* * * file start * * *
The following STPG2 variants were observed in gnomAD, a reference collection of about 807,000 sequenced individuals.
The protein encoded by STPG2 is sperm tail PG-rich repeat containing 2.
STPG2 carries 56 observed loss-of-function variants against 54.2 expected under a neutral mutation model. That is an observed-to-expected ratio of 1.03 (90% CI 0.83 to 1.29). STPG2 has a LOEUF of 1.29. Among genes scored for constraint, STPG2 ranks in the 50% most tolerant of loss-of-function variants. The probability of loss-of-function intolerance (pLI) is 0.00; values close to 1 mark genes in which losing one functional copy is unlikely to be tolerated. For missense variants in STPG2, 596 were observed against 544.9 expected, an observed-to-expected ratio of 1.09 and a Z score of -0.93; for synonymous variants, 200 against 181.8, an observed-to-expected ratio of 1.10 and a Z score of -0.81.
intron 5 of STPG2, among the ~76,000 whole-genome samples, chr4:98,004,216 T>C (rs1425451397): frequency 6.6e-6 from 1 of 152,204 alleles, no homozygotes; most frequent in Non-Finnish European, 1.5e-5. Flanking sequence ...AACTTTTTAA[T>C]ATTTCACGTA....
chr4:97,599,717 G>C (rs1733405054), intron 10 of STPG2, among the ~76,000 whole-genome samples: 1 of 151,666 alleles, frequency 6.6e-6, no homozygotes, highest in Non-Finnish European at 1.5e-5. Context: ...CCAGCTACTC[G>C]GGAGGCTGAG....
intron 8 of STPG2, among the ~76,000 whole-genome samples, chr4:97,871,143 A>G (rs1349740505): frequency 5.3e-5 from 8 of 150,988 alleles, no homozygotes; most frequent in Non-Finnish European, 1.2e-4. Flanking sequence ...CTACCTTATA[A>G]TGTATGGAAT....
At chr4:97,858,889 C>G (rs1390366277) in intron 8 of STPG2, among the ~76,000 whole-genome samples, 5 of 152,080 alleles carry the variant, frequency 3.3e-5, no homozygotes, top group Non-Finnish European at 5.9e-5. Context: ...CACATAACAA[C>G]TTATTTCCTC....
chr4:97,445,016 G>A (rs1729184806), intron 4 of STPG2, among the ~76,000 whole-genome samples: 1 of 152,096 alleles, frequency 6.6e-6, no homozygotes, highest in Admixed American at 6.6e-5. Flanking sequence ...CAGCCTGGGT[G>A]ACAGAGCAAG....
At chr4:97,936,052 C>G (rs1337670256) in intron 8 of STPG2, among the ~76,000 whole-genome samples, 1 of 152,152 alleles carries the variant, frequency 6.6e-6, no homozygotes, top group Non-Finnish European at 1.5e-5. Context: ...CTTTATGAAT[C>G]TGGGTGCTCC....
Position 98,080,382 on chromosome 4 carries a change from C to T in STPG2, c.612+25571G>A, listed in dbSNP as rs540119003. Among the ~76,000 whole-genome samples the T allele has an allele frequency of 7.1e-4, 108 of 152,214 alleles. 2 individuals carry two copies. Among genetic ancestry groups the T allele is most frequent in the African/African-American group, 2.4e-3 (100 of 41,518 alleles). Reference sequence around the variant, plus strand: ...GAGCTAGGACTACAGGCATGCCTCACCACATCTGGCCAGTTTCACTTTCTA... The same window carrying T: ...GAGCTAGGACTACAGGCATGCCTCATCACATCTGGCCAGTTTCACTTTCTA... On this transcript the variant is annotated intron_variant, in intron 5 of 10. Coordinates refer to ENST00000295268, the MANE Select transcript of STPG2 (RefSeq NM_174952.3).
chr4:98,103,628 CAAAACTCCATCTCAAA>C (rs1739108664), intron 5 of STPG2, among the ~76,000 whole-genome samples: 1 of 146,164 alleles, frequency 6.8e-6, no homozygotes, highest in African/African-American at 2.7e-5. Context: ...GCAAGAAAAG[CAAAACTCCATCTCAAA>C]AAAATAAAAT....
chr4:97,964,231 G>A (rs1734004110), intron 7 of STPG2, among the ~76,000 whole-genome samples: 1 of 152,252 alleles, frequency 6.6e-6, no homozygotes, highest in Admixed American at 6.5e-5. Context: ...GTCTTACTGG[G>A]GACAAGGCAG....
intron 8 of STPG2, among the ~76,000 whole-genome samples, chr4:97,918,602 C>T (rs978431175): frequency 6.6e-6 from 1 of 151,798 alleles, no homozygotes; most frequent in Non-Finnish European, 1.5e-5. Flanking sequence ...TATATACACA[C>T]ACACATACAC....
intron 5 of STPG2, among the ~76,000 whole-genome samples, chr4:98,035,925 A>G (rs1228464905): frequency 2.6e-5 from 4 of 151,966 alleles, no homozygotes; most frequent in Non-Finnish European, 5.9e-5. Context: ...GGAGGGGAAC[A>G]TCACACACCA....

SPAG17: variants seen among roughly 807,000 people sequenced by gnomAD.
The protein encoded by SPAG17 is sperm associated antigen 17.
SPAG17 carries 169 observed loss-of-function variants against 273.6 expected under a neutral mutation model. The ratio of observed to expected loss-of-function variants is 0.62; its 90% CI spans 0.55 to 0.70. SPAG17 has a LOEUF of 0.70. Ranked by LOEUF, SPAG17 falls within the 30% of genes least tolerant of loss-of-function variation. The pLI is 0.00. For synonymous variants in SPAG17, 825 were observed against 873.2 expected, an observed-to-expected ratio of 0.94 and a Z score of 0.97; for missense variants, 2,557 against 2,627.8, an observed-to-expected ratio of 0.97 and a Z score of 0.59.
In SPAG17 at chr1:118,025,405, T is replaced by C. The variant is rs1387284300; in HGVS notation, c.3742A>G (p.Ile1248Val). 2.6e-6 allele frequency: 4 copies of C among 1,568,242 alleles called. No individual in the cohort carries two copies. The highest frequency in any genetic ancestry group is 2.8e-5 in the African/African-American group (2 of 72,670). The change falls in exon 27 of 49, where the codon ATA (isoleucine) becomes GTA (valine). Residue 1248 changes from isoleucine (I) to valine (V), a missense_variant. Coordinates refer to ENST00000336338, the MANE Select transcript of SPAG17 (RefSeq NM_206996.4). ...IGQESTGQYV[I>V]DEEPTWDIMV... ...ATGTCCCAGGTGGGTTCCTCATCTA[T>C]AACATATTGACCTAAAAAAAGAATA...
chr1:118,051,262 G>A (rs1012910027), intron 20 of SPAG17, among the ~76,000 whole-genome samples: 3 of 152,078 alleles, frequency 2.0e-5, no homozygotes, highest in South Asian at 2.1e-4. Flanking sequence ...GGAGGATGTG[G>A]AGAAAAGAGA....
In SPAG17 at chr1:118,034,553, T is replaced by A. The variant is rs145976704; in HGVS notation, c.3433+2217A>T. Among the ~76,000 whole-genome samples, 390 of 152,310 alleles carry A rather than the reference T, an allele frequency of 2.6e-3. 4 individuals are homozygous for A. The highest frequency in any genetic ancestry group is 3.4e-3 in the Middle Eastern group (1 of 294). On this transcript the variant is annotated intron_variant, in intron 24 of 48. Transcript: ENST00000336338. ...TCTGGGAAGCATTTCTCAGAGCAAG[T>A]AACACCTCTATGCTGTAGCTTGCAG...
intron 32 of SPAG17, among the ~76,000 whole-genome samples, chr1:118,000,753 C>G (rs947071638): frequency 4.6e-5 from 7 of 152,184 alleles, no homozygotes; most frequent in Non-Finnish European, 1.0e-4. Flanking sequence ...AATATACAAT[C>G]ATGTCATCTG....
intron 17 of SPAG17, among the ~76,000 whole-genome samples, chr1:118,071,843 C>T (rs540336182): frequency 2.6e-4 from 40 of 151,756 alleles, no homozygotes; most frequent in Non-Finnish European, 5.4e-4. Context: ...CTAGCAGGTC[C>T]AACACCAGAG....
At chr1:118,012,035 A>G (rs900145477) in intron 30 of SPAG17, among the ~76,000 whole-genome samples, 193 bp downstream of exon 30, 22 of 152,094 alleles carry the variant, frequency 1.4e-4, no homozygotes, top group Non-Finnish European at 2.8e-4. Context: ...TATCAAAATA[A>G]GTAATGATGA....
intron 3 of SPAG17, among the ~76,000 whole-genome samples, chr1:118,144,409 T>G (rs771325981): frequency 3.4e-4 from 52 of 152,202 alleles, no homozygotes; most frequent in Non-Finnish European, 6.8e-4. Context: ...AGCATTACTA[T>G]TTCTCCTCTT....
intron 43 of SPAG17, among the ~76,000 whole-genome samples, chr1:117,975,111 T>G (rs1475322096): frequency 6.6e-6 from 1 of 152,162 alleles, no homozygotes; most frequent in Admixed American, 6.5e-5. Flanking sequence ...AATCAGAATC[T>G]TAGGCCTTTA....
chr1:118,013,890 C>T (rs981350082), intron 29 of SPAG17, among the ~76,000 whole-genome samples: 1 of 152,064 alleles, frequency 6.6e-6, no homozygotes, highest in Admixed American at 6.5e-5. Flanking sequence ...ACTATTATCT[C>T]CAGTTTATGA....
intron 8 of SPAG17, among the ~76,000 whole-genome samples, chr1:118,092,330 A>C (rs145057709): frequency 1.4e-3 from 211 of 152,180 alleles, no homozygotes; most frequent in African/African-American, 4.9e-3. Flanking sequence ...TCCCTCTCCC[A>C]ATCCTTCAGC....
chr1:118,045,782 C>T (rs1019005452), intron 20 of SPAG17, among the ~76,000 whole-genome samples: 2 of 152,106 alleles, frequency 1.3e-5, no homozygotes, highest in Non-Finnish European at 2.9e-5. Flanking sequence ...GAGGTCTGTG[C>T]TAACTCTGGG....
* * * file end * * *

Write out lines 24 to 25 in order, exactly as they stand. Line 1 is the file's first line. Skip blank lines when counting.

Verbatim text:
intron 3 of SPAG17, among the ~76,000 whole-genome samples, chr1:118,144,409 T>G (rs771325981): frequency 3.4e-4 from 52 of 152,202 alleles, no homozygotes; most frequent in Non-Finnish European, 6.8e-4. Context: ...AGCATTACTA[T>G]TTCTCCTCTT....
intron 43 of SPAG17, among the ~76,000 whole-genome samples, chr1:117,975,111 T>G (rs1475322096): frequency 6.6e-6 from 1 of 152,162 alleles, no homozygotes; most frequent in Admixed American, 6.5e-5. Flanking sequence ...AATCAGAATC[T>G]TAGGCCTTTA....